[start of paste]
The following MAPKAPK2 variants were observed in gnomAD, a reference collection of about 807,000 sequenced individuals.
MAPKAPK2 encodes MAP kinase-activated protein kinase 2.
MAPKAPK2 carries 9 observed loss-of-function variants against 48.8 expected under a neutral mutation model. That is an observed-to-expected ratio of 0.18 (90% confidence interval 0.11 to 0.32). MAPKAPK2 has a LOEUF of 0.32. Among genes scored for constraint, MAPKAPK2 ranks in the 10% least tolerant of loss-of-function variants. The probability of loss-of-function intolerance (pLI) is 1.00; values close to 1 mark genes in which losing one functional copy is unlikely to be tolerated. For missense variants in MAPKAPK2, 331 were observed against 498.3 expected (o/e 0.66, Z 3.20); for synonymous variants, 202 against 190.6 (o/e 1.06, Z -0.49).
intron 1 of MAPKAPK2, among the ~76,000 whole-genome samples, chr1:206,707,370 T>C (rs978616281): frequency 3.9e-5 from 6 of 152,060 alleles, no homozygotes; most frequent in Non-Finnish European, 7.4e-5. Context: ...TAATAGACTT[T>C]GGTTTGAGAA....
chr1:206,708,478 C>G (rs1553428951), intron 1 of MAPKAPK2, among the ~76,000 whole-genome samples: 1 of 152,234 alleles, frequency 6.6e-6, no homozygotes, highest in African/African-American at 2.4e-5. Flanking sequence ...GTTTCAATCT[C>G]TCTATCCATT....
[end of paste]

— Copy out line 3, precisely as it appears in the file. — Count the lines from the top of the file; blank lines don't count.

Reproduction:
MAPKAPK2 carries 9 observed loss-of-function variants against 48.8 expected under a neutral mutation model. That is an observed-to-expected ratio of 0.18 (90% confidence interval 0.11 to 0.32). MAPKAPK2 has a LOEUF of 0.32. Among genes scored for constraint, MAPKAPK2 ranks in the 10% least tolerant of loss-of-function variants. The probability of loss-of-function intolerance (pLI) is 1.00; values close to 1 mark genes in which losing one functional copy is unlikely to be tolerated. For missense variants in MAPKAPK2, 331 were observed against 498.3 expected (o/e 0.66, Z 3.20); for synonymous variants, 202 against 190.6 (o/e 1.06, Z -0.49).